The bike is a classic Long John cargo shape with the rider sitting towards the back, and a large reinforced polystyrene ‘bucket’ at the front. Ours had straps for carrying a couple of children safely although, with a capacity of 80kg, you can carry a whole variety of non-human loads too with everything feeling secure and sturdy.
As well as the five assist levels, Raleigh has included Enviolo stepless gearing controlled by a grip shift that works brilliantly. We didn’t find any incline that posed a problem.
The bike comes with a 500Wh battery with a charging time of about 4.5 hours. We managed a 16-mile round-trip for two days, including steep hills and almost exclusively in the highest level of assistance, although we did need to drop it down a couple of assist levels in the last two miles. This is great for something that needs a lot of power to get going.
The turning circle isn’t amazing, but the handling is impressive, allowing you to stay stable and nimble. This is such a fun bike to ride.
The Vello Bike+ electric folding bike gives a super smooth and simple ride. There's also a wealth of clever motor tech and power delivery going on underneath the surface that makes it one of the most efficient e-bikes we've tried. It’s a nice combination of design minimalism and practicality.
All of Vello’s models are based around 20 wheels and a folding frame that boasts elastomer suspension. Vello uses a Zehus motor system with a large rear hub that contains all the e-bike drive components – a 173Wh battery included. It features regenerative braking and a built-in inclinometer to measure gradient.
The Vello performs well on hills. Although not as fast as some, there was never a hill that defeated the motor during testing. Like any electric singlespeed, it requires more human input than multi-geared e-bikes, but even on the steeper hills, our moderately fit test rider was never more than mildly out of breath.
Only on 20%+ gradients was it necessary to use the Mountain Drive. Click the crank button with your heel and you have an ultra-low gear that provides the option of ambling uphill at 7-8mph.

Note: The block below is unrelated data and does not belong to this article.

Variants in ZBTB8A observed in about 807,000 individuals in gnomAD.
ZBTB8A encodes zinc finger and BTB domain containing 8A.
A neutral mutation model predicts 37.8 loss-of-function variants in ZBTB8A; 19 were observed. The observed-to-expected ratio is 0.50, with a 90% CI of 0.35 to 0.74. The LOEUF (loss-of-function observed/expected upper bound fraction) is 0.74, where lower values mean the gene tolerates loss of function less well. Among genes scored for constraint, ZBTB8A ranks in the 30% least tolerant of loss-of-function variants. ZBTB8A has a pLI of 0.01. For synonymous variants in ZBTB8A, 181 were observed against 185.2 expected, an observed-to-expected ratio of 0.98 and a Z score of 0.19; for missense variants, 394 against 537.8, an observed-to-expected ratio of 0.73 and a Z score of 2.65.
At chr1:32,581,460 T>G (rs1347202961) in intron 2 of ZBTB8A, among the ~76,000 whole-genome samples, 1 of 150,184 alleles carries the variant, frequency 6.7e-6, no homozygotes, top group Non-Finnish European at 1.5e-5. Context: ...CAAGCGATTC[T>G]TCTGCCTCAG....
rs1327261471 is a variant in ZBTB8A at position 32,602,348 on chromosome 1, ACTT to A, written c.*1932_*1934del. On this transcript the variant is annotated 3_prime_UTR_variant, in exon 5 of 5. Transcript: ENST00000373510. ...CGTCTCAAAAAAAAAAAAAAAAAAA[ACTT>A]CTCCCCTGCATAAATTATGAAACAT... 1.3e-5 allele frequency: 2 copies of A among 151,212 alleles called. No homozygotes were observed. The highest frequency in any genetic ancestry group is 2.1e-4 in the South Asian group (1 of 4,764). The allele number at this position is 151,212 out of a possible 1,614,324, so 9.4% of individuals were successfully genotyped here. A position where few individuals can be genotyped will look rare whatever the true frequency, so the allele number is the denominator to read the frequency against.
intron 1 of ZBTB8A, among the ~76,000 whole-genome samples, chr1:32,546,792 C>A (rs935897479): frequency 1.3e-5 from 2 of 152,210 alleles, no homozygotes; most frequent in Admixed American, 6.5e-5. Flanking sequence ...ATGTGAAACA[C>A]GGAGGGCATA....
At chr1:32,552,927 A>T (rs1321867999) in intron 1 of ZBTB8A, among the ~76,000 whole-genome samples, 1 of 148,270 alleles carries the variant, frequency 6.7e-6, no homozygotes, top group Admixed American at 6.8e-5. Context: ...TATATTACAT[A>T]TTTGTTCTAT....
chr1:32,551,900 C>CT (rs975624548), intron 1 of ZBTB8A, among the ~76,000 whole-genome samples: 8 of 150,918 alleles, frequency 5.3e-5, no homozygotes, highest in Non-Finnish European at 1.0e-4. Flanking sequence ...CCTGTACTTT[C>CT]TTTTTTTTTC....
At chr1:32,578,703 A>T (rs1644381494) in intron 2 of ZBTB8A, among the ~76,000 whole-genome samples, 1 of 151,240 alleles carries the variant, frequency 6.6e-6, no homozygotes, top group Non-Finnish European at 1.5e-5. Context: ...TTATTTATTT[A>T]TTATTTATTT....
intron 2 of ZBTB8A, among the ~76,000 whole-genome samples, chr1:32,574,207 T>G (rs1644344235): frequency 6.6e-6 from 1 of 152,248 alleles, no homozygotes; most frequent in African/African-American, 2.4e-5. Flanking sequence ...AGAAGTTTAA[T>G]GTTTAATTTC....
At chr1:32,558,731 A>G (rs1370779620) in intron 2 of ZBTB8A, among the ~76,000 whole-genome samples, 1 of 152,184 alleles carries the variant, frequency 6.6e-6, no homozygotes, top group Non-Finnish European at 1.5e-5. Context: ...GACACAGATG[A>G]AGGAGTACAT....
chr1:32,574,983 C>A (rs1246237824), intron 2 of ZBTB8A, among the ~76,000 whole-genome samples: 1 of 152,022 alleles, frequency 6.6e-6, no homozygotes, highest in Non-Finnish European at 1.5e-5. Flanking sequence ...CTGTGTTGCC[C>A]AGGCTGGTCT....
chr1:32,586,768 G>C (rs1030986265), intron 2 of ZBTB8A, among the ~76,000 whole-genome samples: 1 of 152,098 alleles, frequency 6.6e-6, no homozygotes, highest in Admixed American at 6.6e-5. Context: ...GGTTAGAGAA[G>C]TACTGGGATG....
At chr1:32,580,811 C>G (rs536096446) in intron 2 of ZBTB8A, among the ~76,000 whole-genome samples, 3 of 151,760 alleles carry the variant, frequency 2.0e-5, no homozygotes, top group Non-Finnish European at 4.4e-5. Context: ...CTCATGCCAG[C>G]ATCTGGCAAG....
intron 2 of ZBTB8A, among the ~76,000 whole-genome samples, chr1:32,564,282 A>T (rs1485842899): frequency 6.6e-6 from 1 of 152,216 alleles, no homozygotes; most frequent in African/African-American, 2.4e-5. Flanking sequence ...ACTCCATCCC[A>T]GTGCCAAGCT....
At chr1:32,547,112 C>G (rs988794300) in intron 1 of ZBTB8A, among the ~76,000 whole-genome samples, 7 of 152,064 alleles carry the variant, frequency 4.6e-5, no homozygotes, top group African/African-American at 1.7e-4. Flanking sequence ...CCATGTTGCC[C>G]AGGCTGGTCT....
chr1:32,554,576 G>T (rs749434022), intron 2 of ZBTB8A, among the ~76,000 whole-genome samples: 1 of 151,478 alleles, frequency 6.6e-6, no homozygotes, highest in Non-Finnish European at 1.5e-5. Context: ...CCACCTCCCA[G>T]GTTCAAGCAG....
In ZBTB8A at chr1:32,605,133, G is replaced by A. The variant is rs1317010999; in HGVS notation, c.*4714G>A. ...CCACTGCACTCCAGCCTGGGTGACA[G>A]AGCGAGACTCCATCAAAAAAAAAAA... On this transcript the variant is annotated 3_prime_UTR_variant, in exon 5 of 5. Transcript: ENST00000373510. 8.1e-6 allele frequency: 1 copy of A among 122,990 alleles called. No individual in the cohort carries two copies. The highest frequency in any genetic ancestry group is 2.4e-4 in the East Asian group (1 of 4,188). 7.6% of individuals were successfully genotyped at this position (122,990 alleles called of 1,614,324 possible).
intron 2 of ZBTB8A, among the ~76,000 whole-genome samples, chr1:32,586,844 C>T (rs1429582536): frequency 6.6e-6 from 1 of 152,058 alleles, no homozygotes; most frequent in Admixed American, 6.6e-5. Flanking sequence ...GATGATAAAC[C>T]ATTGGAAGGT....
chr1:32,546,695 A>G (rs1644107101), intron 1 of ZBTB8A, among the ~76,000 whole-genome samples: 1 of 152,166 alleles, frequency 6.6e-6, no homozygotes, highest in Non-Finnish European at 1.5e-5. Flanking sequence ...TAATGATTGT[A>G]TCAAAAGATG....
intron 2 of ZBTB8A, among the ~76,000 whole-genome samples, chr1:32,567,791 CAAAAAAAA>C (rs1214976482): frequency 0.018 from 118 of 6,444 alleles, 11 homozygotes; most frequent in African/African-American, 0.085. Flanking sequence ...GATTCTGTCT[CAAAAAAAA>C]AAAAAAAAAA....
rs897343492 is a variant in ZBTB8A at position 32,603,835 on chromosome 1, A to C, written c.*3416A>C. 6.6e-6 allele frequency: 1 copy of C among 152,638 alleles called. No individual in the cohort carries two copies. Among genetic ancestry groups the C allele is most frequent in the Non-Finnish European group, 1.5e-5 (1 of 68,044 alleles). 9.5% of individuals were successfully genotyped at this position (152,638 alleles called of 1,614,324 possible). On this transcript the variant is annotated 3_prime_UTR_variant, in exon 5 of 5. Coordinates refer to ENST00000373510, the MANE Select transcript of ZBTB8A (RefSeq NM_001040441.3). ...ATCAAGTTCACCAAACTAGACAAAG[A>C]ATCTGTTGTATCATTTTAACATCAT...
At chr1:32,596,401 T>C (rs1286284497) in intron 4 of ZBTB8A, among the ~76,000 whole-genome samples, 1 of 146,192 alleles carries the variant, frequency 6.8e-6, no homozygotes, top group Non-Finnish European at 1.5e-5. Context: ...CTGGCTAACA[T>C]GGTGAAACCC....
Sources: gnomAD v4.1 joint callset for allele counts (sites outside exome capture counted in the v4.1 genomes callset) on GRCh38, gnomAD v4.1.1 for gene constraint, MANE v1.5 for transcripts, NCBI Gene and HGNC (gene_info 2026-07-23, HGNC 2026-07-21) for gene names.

Power delivery is smooth and responsive to pedalling and the bike has that go-fast ride position and feel to it – although there is the option of a higher handlebar stem for those who like a more upright position.
Hybrid Custom mode, set to max power and max regenerative braking, returned a range of 23 miles over very hilly terrain. For a direct drive motor with a pretty small battery, that's a remarkably efficient e-bike.
The Gates belt drive proved faultless and is a great, low-maintenance feature and folding down the Vello (to around 81 x 37 x 57cm) is a pretty quick and easy affair. It should take less than a minute or even half a minute for the experienced.
The Adonis 2 is Neomouv’s trekking e-bike, and it earns a place at number six in our countdown because it’s a solid all-round package with a Neoassist motor that performs brilliantly.
It's quiet, very powerful and also very efficient. The Neoassist pushes the top assisted speed to the limit. It cruised up our regular extended hill climb test without any dramas whatsoever, on all but the steepest sections the speedo showing 16.5mph, the point at which power starts to drop off.
Just as impressive as this superb hill-climbing ability is the way it maintains speed at around the cut-out limit. The Adonis 2 doesn’t cut in and out sharply, meaning it's not only fast but extremely pleasant to ride.